percent of those surveyed said that they would prefer to find out online through social media
instead of watching the news. The whole concept of citizen journalism is based around
immediate documentation through the use of social media sites like Twitter, so the students who
prefer to use social media as a news source are inevitably being exposed to citizen journalism.
These results are in favor of citizen journalism.
In the results of question two “Would you prefer to hear about an event right away
(risking inaccuracy) or wait until all facts are gathered and accurate?” I found a contradiction.
Though those surveyed said they would prefer to find out about news through social media,
majority (almost 77 percent) said that they would rather wait for accurate information than risks
inaccuracy through immediate documentation of an event. These findings are against citizen
The third question, “What has the most credibility?” also had some inconsistencies. 77
percent of those who took the survey said that they would rather wait for accurate reporting
(usually given through mainstream news), but in this third question, over 81 percent agreed that
an eye witness (or a citizen journalist) is going to have more credibility. Once again, results are
in favor of citizen journalism.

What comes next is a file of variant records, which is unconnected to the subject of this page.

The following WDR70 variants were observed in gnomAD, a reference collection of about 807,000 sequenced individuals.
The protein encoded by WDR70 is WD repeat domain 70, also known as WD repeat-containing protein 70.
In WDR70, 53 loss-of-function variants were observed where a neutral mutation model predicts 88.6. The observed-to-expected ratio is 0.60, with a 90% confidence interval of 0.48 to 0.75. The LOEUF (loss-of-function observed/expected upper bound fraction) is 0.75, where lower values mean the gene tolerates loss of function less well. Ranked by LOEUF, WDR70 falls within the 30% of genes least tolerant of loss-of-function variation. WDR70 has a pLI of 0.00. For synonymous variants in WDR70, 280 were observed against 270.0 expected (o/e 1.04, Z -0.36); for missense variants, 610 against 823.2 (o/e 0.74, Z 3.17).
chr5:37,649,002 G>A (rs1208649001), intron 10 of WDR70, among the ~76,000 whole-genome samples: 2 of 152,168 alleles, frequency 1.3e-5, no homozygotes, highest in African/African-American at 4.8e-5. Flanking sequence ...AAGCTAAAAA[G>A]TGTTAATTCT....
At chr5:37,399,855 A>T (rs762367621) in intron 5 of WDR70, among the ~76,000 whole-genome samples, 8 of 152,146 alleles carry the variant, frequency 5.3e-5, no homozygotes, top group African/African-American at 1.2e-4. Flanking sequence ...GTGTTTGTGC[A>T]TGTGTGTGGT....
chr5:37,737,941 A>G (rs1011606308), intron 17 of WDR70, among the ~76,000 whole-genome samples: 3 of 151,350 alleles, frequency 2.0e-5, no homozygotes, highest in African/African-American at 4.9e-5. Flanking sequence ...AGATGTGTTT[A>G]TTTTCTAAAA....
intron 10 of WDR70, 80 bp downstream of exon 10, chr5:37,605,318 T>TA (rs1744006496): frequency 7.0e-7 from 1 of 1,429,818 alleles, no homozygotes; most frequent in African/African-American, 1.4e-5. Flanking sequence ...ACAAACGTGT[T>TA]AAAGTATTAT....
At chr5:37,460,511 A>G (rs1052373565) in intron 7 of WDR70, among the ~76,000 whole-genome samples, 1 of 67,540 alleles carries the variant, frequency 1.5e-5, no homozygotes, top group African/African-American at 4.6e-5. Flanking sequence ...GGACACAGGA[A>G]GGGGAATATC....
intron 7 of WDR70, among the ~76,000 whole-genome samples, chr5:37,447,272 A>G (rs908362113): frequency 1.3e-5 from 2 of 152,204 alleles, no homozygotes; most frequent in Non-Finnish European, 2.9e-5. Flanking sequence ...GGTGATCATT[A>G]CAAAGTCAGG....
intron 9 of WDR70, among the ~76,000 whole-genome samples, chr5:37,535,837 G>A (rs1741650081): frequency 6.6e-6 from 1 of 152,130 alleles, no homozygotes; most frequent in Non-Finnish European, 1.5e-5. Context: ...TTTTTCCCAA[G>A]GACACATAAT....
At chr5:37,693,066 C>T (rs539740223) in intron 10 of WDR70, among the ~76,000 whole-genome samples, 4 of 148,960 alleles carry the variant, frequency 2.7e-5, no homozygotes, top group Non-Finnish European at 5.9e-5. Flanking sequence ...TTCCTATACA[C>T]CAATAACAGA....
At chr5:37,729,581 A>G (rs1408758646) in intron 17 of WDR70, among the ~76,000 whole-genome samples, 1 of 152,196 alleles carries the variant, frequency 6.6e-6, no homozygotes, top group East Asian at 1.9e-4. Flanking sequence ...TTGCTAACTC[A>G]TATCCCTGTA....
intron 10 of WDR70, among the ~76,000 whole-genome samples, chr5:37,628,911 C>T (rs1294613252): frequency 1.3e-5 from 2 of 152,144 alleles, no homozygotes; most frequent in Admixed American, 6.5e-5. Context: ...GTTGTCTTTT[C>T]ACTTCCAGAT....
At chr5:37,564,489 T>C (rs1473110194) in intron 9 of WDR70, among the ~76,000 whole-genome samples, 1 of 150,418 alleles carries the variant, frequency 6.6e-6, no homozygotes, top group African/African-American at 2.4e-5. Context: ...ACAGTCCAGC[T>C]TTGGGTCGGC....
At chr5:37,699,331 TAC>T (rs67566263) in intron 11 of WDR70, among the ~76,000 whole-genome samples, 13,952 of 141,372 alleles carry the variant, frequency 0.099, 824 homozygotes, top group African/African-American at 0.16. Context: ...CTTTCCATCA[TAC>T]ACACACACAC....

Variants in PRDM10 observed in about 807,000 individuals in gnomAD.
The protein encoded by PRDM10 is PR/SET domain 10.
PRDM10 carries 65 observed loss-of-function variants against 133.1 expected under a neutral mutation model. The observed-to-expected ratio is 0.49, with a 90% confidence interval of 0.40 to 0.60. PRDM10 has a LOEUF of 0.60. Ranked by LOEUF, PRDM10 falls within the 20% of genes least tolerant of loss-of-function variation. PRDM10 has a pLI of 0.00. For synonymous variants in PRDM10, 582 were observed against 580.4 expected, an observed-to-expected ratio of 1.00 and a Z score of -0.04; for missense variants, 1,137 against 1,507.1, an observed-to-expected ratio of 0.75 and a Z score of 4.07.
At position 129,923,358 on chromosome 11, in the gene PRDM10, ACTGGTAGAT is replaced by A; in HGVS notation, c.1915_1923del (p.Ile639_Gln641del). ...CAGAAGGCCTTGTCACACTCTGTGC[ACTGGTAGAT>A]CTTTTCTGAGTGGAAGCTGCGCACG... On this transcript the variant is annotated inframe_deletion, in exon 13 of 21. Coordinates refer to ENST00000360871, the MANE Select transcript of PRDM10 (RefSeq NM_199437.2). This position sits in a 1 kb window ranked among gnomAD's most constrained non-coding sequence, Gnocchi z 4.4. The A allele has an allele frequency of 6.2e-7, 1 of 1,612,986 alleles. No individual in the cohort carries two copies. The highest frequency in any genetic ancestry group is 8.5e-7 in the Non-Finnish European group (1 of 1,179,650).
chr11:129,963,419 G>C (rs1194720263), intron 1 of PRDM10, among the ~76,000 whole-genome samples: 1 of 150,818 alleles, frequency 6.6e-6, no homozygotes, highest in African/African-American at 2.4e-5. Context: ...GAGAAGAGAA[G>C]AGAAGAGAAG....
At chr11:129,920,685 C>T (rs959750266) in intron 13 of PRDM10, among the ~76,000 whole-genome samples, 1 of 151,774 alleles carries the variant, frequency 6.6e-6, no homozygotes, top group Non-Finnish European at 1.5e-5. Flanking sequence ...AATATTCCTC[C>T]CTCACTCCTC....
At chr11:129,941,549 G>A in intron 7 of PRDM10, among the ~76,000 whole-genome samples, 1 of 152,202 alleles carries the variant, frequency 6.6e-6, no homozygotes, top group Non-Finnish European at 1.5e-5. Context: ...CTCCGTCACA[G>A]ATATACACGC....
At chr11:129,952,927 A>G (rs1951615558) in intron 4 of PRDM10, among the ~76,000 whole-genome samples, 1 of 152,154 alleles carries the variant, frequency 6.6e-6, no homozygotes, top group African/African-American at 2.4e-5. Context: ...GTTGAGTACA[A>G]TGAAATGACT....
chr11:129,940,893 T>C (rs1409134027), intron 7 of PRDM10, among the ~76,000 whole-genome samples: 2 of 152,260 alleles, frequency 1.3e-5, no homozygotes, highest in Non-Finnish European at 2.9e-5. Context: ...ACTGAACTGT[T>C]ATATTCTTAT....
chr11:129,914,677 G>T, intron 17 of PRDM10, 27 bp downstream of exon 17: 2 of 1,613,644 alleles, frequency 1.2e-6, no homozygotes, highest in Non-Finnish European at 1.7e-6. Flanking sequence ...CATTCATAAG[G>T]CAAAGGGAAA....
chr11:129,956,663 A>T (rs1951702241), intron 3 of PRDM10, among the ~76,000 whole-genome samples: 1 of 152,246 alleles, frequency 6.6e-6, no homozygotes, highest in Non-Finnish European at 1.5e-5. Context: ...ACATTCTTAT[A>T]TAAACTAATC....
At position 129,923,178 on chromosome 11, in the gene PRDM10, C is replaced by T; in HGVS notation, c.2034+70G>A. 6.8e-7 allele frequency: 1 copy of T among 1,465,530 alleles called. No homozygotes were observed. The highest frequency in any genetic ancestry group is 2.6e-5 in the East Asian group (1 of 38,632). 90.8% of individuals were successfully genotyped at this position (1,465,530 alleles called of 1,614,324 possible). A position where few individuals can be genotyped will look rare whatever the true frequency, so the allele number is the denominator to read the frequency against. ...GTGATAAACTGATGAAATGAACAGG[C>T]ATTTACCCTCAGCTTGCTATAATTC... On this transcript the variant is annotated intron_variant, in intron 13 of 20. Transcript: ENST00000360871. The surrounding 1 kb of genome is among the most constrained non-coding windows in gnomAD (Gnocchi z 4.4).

What I found in these results is that the students who took the survey were torn between
the two sources (mainstream and citizen journalism). The answers were consistent with both the
positive and negative impacts citizen journalism poses on mainstream news.
It is easy to look at an issue in black and white, but sometimes the significance lies within
the grey. Some see mainstream news being positively impacted by citizen journalism while

others may think it is effecting it negatively. Or sometimes, like my survey found, they are torn
between the two. They want what both can offer, but they also don‟t want to face the
repercussions that both sources pose. There is also the possibility that citizen journalism doesn‟t
help nor hurt mainstream news. Some research conducted shows that its participants didn‟t
notice the difference between an article written by a trained professional and an article citizenproduced. The bottom line is that there are risks that audiences are going to have to be willing to
take in order to get the information that they demand. Both mainstream news and citizen
journalism have pros and cons; it is up to the receivers of information who they want to lie their
trust in.

Henriquez, G. (2012, October 19). The Rise and Impact of Citizen Journalism. Retrieved
October 6, 2014, from
Kyger, M. (2012, October 17). Information 3.0: Exploring the New Media World. Retrieved
October 6, 2014, from
7 Things You Should Know About Citizen Journalism. (2007, November 1). Retrieved October
6, 2014, from